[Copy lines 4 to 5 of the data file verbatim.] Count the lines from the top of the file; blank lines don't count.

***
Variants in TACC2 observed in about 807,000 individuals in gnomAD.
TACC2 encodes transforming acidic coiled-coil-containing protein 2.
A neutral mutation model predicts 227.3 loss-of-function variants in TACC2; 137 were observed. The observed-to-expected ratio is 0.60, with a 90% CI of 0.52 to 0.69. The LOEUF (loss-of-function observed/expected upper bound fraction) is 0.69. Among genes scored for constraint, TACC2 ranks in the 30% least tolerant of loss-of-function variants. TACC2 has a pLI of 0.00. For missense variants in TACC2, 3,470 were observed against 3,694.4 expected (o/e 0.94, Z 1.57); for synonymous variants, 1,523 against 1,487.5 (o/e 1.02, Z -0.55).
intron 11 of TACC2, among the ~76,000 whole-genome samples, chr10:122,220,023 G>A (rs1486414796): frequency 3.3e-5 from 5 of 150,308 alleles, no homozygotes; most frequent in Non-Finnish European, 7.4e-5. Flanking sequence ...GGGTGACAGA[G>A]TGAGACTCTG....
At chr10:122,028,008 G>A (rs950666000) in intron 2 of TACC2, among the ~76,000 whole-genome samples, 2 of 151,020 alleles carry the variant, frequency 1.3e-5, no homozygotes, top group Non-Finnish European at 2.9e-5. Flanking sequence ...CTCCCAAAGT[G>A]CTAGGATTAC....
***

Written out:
intron 11 of TACC2, among the ~76,000 whole-genome samples, chr10:122,220,023 G>A (rs1486414796): frequency 3.3e-5 from 5 of 150,308 alleles, no homozygotes; most frequent in Non-Finnish European, 7.4e-5. Flanking sequence ...GGGTGACAGA[G>A]TGAGACTCTG....
At chr10:122,028,008 G>A (rs950666000) in intron 2 of TACC2, among the ~76,000 whole-genome samples, 2 of 151,020 alleles carry the variant, frequency 1.3e-5, no homozygotes, top group Non-Finnish European at 2.9e-5. Flanking sequence ...CTCCCAAAGT[G>A]CTAGGATTAC....